Keep up-to-date on our latest siding and window projects
We are simply different! We are not selling you products, but coach you in making the right decision for your home, your lifestyle, and your budget. We treat you and your home with the foremost respect. We take satisfaction from doing the best job and from seeing you happy at the end of the project.
Highlighted below are sone of our recent projects. They are a good indicator of what you should expect from Everest when doing your project.
Below are highlighted a few projects we completed.
Siding Project // Katy // April 25, 2015
This lovely home in Katy was outdated and the old aluminium siding was faded and dark, giving it a grimm look. Everest Siding and Windows replaced the old siding with the engineered wood LP SmartSide siding and painted in a lighter color that brightns the house and makes it look bigger and newer.
We also changed the trim around the windows, the fascia and the soffit and matched the color to the new siding.
To complement the new look, we also installed a fence around the porch, in a color that matches the siding.
Window Project // Cypress // May 10, 2015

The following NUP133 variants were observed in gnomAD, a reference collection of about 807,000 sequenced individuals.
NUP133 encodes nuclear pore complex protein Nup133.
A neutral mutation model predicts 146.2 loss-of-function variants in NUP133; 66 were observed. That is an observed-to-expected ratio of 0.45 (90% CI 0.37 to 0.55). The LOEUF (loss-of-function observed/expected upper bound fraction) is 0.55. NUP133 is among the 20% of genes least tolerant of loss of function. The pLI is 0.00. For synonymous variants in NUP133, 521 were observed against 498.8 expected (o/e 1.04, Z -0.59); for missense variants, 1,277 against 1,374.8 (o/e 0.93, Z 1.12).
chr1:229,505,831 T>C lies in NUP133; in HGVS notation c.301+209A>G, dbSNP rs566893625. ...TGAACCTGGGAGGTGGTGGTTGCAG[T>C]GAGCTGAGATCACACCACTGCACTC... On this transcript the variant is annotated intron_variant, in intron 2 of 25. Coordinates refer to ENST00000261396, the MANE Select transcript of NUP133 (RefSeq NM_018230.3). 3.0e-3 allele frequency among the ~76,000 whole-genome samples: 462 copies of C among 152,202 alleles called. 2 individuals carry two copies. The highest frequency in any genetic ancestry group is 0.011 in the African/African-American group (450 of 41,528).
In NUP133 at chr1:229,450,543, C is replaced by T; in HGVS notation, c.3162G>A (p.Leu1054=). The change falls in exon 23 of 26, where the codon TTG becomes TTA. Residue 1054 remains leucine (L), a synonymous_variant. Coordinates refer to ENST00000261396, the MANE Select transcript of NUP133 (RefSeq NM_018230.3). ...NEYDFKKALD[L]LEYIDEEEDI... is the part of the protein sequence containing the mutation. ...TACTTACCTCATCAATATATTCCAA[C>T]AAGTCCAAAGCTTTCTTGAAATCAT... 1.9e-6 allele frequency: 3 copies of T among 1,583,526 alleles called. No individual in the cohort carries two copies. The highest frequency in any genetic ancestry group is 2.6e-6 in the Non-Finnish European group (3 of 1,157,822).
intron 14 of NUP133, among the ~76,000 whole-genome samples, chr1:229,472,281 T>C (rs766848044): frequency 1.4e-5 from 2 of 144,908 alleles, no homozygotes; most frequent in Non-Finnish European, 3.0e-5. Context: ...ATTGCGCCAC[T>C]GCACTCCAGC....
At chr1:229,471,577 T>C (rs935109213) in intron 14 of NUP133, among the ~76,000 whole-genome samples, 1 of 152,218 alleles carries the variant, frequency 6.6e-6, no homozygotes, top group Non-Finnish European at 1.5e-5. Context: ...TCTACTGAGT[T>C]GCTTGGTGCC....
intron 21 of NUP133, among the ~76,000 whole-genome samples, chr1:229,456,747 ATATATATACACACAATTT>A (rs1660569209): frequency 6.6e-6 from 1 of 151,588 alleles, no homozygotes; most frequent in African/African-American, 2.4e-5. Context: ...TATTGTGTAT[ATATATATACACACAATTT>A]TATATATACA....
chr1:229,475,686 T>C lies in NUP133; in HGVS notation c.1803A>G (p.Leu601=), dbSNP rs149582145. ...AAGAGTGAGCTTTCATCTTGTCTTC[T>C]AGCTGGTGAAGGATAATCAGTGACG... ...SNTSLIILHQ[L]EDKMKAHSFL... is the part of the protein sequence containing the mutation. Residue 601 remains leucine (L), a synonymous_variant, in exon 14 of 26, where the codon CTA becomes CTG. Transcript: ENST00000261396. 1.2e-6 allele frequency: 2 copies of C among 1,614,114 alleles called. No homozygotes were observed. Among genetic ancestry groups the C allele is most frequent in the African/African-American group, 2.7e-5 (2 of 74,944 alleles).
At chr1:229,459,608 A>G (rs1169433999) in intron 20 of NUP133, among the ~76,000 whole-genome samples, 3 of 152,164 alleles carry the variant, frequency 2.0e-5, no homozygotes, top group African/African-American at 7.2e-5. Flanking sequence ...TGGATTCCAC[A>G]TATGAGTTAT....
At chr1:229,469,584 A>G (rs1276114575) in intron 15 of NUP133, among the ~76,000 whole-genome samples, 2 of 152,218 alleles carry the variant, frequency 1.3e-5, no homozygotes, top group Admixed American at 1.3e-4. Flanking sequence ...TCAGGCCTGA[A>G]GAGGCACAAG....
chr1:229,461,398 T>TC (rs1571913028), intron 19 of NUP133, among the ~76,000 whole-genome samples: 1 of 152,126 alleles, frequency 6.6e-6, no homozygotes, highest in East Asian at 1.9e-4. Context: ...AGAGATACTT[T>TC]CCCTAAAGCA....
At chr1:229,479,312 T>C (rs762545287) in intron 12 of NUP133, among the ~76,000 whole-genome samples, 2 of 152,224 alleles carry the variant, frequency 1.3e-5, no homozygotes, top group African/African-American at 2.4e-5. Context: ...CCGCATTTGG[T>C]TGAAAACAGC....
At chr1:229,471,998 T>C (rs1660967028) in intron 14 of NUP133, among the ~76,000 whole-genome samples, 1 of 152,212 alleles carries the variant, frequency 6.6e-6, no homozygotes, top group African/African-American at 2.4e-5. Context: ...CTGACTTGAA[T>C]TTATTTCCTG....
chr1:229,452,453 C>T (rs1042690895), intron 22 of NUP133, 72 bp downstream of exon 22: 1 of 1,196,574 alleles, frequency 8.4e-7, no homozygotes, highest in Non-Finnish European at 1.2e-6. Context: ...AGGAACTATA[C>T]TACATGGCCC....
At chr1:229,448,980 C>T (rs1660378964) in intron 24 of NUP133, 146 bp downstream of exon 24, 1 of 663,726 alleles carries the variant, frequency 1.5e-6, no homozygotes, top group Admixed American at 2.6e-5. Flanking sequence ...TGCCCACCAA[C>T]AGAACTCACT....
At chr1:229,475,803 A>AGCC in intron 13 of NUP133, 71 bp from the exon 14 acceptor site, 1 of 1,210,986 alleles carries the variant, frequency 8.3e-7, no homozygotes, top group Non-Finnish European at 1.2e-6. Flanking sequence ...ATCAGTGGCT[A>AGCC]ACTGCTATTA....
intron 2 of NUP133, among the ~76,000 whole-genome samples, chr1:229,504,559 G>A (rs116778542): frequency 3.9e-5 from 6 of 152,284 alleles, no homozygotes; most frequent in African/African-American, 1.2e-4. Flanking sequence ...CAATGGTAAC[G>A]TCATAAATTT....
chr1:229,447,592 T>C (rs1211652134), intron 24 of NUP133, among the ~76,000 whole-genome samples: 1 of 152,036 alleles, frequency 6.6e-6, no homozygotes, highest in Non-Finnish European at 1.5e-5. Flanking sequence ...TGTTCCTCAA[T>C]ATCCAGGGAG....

Over time, leaks and cracks built up in the old windows of this beautiful home, allowing moisture or heat/cool air to enter and reducing the family’s comfort levels. Everest Siding and Windows upgraded it with high energy vinyl windows, in a briliant white color instead of the grey color before.
These new windows will lower the energy costs by keeping the heat in during winter and out during the summer. Due to the extra features these windows provide, the outside noise will barely be heard inside and the ultraviolet rays will not penetrate through the windows, no matter how hot the sun is.
Solar Attic Fan Project // Tomball // April 29, 2015
This customer’s home had only a couple of static vents, which didn’t provide sufficient air movement to pull heat and moisture from the attic. The result was a hot house during the summer and very high energy bills.
Everest Siding and Windows added a solar attic fan which runs solely off solar power, therefore decreasing the energy bills. A thermal switch was used to control the solar attic fan. This switch only allows the fan to run when the attic is warmer than 80-90 degrees F. Running the fan only when the attic is hot extends the life of the fan motor and results in less heat loss to the attic in winter, but does not allow the fan to reduce moisture build-up in the attic at all times and does not allow the fan to prevent ice dams during the winter.